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How to be a REAL bartender - Manual from 1900 by Harry Johnson

Everyday at Cocktails For You we receive over 200 messages asking us numerous questions about the bartending profession. One of the most important questions is - HOW DO I BECOME A BARTENDER/HOW DO I GET BETTER? - this question is difficult to answer because this profession doesn't have a university you can go to get a degree in the trade. A lot of the knowledge comes from on-the-job training provided at any bartending establishment you find yourselves working in. Your ability will always be a combination of your innate set of skills, your ambition & your training. None of this is a recipe for success in the industry unfortunately. Modern bartending books do not discuss some finer intricacies of the profession like behaviour, appearance & rules of a 'good' establishment. Luckily for you Cocktails For You has a guide from 1900 that covers all these topics from Harry Johnson himself. Full book you can download HERE!


The General Appearance of the Bartender, and How He Should Conduct Himself at all times when on Duty.

The author of this work has, after careful delibera­tion, compiled the following rules for the managementof a saloon, and would suggest the advisability of fol­lowing these instructions while attending a bar. He has endeavored to the best of his ability to. state them in perfectly plain and straightforward language, as the work must be conducted in the same systematic and proper manner as any other business. When waitingon customers, at any time, it is of the highest import­ ance for a bartender to be strictly polite and attentive in his behavior and, especially, in his manner of speech, giving prompt answers to all questions as far as lies in his power; he should be cheerful and have a bright countenance. It is absolutely necessary to be neat, clean, and tidy in dress, as that will be more to the in­ terest of the bartender than any other matter.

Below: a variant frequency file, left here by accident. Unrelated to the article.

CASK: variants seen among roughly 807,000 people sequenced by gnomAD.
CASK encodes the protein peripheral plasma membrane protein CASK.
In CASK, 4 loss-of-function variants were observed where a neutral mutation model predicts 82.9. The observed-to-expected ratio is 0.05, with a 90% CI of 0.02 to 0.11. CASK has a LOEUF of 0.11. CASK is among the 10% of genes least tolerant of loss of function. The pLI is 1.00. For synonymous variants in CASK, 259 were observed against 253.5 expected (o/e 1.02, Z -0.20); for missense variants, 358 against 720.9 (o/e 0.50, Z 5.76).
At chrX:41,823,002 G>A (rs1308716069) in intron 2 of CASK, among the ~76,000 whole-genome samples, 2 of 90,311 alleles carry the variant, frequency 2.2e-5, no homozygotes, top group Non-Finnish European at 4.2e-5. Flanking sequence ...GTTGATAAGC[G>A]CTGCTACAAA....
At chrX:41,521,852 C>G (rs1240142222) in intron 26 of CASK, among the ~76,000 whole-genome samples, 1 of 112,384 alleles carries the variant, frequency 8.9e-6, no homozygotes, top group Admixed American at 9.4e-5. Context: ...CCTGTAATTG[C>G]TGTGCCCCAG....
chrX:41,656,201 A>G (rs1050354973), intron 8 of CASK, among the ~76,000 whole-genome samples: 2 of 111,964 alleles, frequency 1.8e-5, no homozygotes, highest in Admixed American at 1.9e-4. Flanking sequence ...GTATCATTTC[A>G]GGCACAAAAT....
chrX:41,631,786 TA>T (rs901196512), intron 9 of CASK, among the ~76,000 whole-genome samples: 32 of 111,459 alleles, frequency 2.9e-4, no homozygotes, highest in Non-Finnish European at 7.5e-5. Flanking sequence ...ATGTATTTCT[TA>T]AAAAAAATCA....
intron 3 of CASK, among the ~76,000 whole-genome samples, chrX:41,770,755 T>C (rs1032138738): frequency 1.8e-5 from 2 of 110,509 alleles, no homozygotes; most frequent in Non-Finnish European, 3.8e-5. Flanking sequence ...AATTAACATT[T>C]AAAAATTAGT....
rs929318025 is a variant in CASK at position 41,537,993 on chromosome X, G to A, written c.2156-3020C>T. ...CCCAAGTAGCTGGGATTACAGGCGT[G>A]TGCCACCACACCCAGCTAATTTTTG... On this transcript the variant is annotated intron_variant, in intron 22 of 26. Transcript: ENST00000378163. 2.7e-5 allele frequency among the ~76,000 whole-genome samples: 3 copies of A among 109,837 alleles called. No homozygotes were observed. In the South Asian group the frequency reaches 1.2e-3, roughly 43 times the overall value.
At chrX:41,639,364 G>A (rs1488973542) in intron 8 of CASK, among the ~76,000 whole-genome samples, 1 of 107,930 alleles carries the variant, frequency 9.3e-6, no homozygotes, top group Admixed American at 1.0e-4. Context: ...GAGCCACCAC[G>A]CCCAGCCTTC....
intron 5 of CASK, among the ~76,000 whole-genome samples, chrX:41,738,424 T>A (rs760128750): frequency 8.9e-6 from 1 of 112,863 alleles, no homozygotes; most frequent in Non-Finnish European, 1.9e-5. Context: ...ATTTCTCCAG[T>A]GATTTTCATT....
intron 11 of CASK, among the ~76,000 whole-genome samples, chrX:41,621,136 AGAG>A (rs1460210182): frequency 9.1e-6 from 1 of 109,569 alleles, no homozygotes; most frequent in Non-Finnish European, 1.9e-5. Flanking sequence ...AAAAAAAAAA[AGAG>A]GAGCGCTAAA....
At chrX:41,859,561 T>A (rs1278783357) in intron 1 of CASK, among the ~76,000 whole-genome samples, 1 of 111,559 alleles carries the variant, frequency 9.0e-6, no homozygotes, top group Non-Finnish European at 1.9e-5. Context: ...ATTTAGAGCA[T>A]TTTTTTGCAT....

He should be pleasant and cheerfl with every one, as that will not only be gratifying to customers, but also prove advantageous to the bartender serving them.